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A person employed in an office or government agency who performs various tasks such as keeping records or accounts, filing, letter writing, or transcribing. One who works in a store and whose job might include working as a cashier, selling merchandise, or waiting on customers.

A law clerk is either a law student employed by a licensed attorney to do mundane legal tasks and learn the law in the process, or a licensed lawyer working for a judge to aid in the writing and research of the cases before the judge.

West's Encyclopedia of American Law, edition 2. Copyright 2008 The Gale Group, Inc. All rights reserved.


n. 1) an official or employee who handles the business of a court or a system of courts, maintains files of each case, and issues routine documents. Almost every county has a clerk of the courts or County Clerk who fulfills those functions, and most courtrooms have a clerk to keep records and assist the judge in the management of the court. 3) a young lawyer who assists a judge or a senior attorney in research and drafting of documents, usually for a year or two, and benefits in at least two ways: learning from the judge and enjoying association with the judge. Law clerks for judges, particularly on the Courts of Appeal and the Supreme Court, are chosen from among the top students graduating from law school. 2) a person who works in an office or a store who performs physical work such as filing, stocking shelves, or counter sales.

Copyright © 1981-2005 by Gerald N. Hill and Kathleen T. Hill. All Right reserved.


1 one who assists a solicitor. Formerly, if in training to become a solicitor, the assistant was known as an articled clerk.
2 a clerk to the justices in England or the clerk of court in Scotland is a legally qualified person who sits in court with lay justices to advise them on points of law. The clerk of the House is a senior official ofthe House of Commons.
Collins Dictionary of Law © W.J. Stewart, 2006

CLERK, commerce, contract. A person in the employ of a merchant, who attends only to a part of his business, while the merchant himself superintends the whole. He differs from a factor in this, that the latter wholly supplies the place of his principal in respect to the property consigned to him. Pard. Dr. Com. n. 38, 1 Chit. Pract. 80; 2 Bouv. Inst. n. 1287.

CLERK, officer. A person employed in an office, public or private, for keeping records or accounts. His business is to write or register, in proper form, the transactions of the tribunal or body to which he belongs. Some clerks, however, have little or no writing to do in their offices, as, the clerk of the market, whose duties are confined chiefly to superintending the markets. In the English law, clerk also signifies a clergyman.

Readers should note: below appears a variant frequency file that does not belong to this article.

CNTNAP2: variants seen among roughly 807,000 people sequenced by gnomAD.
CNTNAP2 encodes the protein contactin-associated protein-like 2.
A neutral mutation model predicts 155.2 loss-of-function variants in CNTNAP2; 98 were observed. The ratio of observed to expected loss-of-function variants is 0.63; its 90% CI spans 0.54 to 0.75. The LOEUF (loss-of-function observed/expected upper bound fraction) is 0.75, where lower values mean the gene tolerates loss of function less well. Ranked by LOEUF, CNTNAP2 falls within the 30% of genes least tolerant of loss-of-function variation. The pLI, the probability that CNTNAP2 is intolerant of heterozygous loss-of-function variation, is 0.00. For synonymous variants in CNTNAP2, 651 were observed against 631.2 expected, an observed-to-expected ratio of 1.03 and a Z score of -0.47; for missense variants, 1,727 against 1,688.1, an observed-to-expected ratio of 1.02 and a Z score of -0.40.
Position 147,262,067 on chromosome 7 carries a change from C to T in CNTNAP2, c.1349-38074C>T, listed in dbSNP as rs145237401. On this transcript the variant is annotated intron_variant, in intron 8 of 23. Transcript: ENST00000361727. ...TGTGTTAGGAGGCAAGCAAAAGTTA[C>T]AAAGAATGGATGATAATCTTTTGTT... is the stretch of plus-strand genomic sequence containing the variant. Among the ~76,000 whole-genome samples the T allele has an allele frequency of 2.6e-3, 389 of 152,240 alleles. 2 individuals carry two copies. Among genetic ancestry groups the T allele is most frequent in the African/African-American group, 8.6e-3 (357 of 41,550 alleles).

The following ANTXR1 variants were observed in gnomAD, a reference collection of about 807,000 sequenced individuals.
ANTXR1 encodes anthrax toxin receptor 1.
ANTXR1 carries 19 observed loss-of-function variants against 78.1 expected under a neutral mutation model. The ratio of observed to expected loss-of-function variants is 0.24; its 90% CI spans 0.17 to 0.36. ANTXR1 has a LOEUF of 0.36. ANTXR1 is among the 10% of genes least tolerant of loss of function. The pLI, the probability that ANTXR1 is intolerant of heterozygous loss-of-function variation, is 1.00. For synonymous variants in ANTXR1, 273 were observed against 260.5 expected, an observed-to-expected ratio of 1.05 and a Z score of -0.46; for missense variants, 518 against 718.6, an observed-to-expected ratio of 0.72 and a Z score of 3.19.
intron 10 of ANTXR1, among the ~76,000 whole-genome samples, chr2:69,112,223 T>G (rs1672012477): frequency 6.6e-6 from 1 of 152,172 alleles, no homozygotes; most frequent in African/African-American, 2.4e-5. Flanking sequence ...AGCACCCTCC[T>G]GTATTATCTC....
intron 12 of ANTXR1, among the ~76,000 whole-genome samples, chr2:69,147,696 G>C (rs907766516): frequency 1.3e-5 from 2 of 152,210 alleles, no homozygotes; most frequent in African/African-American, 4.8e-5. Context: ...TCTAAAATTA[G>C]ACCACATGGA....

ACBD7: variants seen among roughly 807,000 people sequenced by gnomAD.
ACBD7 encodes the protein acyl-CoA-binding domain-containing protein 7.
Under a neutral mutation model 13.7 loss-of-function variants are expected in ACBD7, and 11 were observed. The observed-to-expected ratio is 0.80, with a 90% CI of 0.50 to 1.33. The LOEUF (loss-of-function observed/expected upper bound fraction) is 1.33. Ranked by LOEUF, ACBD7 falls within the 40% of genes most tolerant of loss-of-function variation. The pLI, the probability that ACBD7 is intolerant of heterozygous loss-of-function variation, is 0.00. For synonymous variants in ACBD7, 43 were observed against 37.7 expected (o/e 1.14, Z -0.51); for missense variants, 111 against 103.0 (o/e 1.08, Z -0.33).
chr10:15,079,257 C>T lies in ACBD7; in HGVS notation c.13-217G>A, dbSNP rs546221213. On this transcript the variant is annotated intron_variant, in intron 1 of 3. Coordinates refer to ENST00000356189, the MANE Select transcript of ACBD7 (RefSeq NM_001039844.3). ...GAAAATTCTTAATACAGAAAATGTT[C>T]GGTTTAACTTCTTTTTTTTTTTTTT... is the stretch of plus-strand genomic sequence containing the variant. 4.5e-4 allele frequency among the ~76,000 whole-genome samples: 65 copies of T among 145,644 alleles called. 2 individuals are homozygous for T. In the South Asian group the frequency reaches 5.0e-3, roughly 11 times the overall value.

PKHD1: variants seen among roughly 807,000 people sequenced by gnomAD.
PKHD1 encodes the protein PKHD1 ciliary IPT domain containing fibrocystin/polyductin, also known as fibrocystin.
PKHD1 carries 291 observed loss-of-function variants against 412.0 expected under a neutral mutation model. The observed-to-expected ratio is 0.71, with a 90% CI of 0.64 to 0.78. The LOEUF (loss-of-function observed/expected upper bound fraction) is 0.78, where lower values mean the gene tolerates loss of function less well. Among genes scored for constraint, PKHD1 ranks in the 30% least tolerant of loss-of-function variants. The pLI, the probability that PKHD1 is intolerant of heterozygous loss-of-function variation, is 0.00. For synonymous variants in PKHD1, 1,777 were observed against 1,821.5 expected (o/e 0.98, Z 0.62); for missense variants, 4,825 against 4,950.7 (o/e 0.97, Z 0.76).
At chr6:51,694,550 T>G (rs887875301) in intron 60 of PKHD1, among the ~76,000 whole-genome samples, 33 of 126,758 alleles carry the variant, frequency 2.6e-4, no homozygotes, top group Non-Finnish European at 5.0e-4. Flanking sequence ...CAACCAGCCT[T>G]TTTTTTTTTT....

CLERK, eccl. law. Every individual, who is attached to the ecclesiastical state, and who has submitted to the ceremony of the tonsure, is a clerk.

A Law Dictionary, Adapted to the Constitution and Laws of the United States. By John Bouvier. Published 1856.
References in periodicals archive ?
Flanked by APCA's North Waziristan general secretary Hakim Khan, All Pakistan Judicial Employees Association's central president and general secretary and muharrars and clerks, he urged the government to devise a policy to induct the political muharars and other clerical staff to end unrest among them.
Meanwhile, high-ranking members from the clergy have condemned clerical sexual abuse and the "slow nature" of response to alleged crimes at the summit, with Archbishop Eamon Martin putting forth that testimonies from survivors of abuse have "brought all of us to our knees".
McCarrick, who in his prestigious red cardinal robes hobnobbed with presidents, other VIP politicians and pontiffs, is now barred from celebrating Mass or other sacraments including confession and from wearing clerical garb.
Jimenez stressed that the discrepancy in the number of voters in the COC was a 'clerical error.'
These women played essential roles in clerical households, and priests often made provisions for them in their testaments.
The association said that all provincial govts have upgraded the clerical staff Supritendent, Assistant/Head Clerk, UDC and LDC in the years from 2014 to 201, while government of Azad Jammu and Kashmir also upgraded the said posts.
The clerical staff had refused to register patient and asked to bring child next day in OPD hours as patient's condition is satisfactory and he does not required any emergency treatment.
In total, the country has nearly 200 million religious believers and more than 380,000 clerical personnel.
However, Catholic leadership traditionally argued a man could only devote his life to one calling, either marriage or clerical life.
The association has claimed that Radiologists are being continuously harassed by the Appropriate Authorities for minor clerical mistakes, which are being considered equal to sex determination.
"With our viable clerical and administrative services, many entrepreneurs, business owners, and people overall, would honestly be able to save finance and focus on creating true wealth for future longevity," said I.